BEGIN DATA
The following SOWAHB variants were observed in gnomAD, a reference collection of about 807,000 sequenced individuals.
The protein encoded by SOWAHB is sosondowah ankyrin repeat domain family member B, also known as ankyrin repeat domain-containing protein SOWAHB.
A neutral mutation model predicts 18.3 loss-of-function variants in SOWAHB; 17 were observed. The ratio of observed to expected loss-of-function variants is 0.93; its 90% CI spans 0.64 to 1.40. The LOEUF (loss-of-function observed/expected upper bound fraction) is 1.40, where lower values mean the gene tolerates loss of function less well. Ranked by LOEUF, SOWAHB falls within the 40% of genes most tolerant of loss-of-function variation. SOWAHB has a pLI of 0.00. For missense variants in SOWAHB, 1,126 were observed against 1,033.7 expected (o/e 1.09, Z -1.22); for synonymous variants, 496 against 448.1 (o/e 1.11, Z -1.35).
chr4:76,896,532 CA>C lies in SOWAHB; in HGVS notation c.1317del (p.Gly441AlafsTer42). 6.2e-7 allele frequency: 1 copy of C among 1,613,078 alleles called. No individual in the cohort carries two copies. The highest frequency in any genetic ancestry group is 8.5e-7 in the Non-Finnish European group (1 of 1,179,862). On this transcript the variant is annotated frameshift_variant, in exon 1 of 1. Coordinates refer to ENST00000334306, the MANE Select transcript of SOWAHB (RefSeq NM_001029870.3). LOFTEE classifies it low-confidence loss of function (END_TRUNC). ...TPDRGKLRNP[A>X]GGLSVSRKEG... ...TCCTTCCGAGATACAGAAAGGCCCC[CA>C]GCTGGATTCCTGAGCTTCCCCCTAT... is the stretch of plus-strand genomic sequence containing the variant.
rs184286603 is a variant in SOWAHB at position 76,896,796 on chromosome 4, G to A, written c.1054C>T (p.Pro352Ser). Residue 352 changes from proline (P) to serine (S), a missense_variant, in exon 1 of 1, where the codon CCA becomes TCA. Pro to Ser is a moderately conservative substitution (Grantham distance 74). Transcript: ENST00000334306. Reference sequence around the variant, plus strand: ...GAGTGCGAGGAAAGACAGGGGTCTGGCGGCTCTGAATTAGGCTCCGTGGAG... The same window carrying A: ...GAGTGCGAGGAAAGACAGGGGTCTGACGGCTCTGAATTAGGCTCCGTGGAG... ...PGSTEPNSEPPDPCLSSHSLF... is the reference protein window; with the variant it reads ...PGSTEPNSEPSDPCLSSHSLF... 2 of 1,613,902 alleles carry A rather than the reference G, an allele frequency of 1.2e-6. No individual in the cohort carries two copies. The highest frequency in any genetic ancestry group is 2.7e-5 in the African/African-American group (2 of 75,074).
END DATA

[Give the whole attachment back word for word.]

The following SOWAHB variants were observed in gnomAD, a reference collection of about 807,000 sequenced individuals.
The protein encoded by SOWAHB is sosondowah ankyrin repeat domain family member B, also known as ankyrin repeat domain-containing protein SOWAHB.
A neutral mutation model predicts 18.3 loss-of-function variants in SOWAHB; 17 were observed. The ratio of observed to expected loss-of-function variants is 0.93; its 90% CI spans 0.64 to 1.40. The LOEUF (loss-of-function observed/expected upper bound fraction) is 1.40, where lower values mean the gene tolerates loss of function less well. Ranked by LOEUF, SOWAHB falls within the 40% of genes most tolerant of loss-of-function variation. SOWAHB has a pLI of 0.00. For missense variants in SOWAHB, 1,126 were observed against 1,033.7 expected (o/e 1.09, Z -1.22); for synonymous variants, 496 against 448.1 (o/e 1.11, Z -1.35).
chr4:76,896,532 CA>C lies in SOWAHB; in HGVS notation c.1317del (p.Gly441AlafsTer42). 6.2e-7 allele frequency: 1 copy of C among 1,613,078 alleles called. No individual in the cohort carries two copies. The highest frequency in any genetic ancestry group is 8.5e-7 in the Non-Finnish European group (1 of 1,179,862). On this transcript the variant is annotated frameshift_variant, in exon 1 of 1. Coordinates refer to ENST00000334306, the MANE Select transcript of SOWAHB (RefSeq NM_001029870.3). LOFTEE classifies it low-confidence loss of function (END_TRUNC). ...TPDRGKLRNP[A>X]GGLSVSRKEG... ...TCCTTCCGAGATACAGAAAGGCCCC[CA>C]GCTGGATTCCTGAGCTTCCCCCTAT... is the stretch of plus-strand genomic sequence containing the variant.
rs184286603 is a variant in SOWAHB at position 76,896,796 on chromosome 4, G to A, written c.1054C>T (p.Pro352Ser). Residue 352 changes from proline (P) to serine (S), a missense_variant, in exon 1 of 1, where the codon CCA becomes TCA. Pro to Ser is a moderately conservative substitution (Grantham distance 74). Transcript: ENST00000334306. Reference sequence around the variant, plus strand: ...GAGTGCGAGGAAAGACAGGGGTCTGGCGGCTCTGAATTAGGCTCCGTGGAG... The same window carrying A: ...GAGTGCGAGGAAAGACAGGGGTCTGACGGCTCTGAATTAGGCTCCGTGGAG... ...PGSTEPNSEPPDPCLSSHSLF... is the reference protein window; with the variant it reads ...PGSTEPNSEPSDPCLSSHSLF... 2 of 1,613,902 alleles carry A rather than the reference G, an allele frequency of 1.2e-6. No individual in the cohort carries two copies. The highest frequency in any genetic ancestry group is 2.7e-5 in the African/African-American group (2 of 75,074).